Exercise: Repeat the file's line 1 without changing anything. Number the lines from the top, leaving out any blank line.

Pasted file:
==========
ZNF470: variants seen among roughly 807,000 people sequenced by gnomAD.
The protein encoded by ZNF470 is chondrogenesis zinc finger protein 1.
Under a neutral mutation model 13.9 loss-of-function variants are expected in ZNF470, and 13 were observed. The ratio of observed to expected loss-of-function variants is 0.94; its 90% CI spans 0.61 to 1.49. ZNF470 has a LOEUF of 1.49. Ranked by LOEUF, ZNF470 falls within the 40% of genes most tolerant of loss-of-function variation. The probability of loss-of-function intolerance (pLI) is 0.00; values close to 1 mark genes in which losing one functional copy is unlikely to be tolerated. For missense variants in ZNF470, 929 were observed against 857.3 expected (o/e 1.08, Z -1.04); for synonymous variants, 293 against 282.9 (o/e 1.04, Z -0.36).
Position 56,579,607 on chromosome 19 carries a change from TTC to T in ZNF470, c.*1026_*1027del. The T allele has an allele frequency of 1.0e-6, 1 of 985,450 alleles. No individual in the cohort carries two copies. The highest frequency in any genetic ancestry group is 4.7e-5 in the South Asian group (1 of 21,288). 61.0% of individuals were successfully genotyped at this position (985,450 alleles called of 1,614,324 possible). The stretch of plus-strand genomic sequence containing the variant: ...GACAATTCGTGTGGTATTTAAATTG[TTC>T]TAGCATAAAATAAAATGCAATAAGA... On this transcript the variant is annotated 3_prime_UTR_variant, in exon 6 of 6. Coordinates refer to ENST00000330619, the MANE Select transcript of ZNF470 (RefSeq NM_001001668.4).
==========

ZNF470: variants seen among roughly 807,000 people sequenced by gnomAD.